The best way to obtain the necessary knowledge and support for a strong sustainable energy program is to form a multidisciplinary team that brings together the expertise of several disciplines within the health system, including facilities staff, finance, supply chain/purchasing, public health professionals and a sustainability director.

With this committee or green team in place, a hospital will have the necessary internal experts aligned to set its sustainability targets and to make sound decisions about how to finance the pathways needed to meet the organization’s objectives.

An important early step is to create a baseline and develop an understanding of initial conditions. From there, facilities professionals can classify their emissions reduction strategies and quantify the benefits. 

If a hospital is just starting out on its sustainability journey, the first action may be an accounting of current emissions. When creating a greenhouse gas accounting report, it is helpful to distinguish between scope 1, scope 2 and scope 3 emissions.

  • Scope 1 emissions describe those that come from campus operations. 
  • Scope 2 emissions are associated with electricity delivered to the hospital through the grid. 
  • Scope 3 emissions come from the supply chain. 

Scopes 1 and 2 are the easiest to measure and reduce, while scope 3 (which is beyond the focus of this article) takes more time and effort to address.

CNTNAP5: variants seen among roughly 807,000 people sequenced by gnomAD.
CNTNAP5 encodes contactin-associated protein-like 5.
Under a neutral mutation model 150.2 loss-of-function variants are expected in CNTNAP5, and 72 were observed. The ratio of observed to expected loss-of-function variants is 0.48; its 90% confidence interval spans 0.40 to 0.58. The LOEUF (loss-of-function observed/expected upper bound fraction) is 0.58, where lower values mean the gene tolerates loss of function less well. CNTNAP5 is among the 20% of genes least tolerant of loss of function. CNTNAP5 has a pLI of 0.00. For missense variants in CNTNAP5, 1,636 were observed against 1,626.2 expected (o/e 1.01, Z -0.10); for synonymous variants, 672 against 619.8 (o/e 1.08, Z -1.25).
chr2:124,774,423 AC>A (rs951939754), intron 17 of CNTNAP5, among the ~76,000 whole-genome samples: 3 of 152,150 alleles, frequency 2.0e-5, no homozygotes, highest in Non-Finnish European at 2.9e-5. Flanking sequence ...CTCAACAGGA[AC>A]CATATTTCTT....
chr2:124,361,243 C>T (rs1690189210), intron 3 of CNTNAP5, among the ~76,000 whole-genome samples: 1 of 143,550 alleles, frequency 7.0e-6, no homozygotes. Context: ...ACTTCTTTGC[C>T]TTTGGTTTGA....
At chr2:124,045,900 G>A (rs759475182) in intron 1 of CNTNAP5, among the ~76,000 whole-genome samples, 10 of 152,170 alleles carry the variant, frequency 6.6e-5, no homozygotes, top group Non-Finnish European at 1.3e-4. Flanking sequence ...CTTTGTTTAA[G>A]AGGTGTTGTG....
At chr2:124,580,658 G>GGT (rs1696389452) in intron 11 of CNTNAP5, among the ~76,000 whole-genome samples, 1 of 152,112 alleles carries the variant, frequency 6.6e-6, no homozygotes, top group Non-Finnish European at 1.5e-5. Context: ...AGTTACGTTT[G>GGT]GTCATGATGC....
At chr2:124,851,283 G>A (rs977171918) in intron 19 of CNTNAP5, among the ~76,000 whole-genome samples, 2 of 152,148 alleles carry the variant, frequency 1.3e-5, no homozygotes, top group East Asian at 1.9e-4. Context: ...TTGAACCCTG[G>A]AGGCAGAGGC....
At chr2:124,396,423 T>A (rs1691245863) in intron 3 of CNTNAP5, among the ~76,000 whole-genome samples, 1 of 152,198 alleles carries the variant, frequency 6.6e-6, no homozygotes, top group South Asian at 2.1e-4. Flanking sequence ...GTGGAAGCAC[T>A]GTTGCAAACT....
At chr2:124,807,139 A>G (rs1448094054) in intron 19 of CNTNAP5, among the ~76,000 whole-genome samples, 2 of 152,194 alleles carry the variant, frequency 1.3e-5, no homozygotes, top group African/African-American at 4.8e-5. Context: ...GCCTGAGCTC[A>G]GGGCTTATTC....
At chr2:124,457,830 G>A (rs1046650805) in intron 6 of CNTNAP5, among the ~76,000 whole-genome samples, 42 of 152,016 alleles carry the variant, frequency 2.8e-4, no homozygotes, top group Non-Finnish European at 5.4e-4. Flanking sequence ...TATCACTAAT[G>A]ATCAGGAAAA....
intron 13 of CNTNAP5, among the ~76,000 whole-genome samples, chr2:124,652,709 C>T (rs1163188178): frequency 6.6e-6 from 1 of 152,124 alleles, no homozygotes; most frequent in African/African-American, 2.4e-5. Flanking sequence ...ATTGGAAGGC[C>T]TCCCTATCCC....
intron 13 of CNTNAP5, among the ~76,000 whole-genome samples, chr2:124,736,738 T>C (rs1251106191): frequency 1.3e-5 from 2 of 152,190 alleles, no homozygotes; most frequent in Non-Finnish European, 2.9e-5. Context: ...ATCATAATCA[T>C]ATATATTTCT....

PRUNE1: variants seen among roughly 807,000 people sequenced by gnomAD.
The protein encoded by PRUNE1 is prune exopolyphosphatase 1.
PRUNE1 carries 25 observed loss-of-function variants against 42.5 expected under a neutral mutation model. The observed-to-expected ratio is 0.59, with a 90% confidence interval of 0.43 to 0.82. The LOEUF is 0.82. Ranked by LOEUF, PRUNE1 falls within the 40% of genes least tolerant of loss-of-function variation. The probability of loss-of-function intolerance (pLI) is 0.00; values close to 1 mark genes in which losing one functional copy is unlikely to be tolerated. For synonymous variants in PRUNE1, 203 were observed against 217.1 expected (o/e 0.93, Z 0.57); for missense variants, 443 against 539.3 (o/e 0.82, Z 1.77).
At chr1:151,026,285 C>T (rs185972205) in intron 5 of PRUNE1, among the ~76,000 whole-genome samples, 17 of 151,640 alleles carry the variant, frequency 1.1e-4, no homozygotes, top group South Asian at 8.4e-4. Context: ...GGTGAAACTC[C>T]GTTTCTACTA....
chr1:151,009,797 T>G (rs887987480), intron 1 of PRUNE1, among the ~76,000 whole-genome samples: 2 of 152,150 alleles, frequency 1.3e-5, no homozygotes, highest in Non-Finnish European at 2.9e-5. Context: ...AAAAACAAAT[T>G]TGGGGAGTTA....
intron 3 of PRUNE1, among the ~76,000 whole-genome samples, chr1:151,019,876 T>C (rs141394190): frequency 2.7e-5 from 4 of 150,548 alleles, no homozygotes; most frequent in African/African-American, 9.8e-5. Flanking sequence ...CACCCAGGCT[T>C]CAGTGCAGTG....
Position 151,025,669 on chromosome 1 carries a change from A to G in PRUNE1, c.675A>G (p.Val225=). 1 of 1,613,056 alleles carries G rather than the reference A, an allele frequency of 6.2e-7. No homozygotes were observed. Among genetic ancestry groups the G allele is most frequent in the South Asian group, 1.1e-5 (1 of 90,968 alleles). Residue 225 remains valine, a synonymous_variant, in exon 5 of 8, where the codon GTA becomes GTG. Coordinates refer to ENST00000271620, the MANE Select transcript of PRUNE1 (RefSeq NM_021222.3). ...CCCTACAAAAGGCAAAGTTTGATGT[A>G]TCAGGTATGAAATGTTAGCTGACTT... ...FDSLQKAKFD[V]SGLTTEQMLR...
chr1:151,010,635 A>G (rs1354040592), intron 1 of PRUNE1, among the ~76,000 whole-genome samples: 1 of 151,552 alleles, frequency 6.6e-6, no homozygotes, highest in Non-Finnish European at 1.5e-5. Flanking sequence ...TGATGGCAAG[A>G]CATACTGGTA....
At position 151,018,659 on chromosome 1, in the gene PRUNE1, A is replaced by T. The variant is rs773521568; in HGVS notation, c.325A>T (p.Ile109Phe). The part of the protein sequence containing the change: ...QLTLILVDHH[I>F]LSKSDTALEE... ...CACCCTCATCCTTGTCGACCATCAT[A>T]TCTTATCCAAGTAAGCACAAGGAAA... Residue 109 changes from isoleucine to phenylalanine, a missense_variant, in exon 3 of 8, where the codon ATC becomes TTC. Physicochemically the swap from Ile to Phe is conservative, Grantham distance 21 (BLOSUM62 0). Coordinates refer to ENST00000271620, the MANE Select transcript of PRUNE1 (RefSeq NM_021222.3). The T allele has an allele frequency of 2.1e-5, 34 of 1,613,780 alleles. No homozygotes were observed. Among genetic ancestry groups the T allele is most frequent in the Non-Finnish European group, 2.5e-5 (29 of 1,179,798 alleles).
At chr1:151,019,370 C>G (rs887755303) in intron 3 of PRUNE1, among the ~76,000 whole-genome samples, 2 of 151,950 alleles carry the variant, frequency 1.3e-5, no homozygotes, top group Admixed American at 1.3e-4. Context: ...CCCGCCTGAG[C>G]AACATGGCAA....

To be successful, it is important to first identify and articulate what the facility is trying to achieve. 

The best strategic investment follows aspirational goals. It also is process oriented, because the desired destination may take several steps to achieve and involve solving and financing other projects along the way. The strategic outcome will impact not only current operations but the care environment as it evolves.

The process of determining the best strategic investment will ideally identify the most vital energy projects that impact the delivery of care, reduce energy costs and eliminate carbon emissions. 

Once a list of projects has been developed, it is vitally important to appropriately prioritize that list according to the organization’s highest value. As the number of available projects changes, the list should be continually reranked and prioritized to the highest value.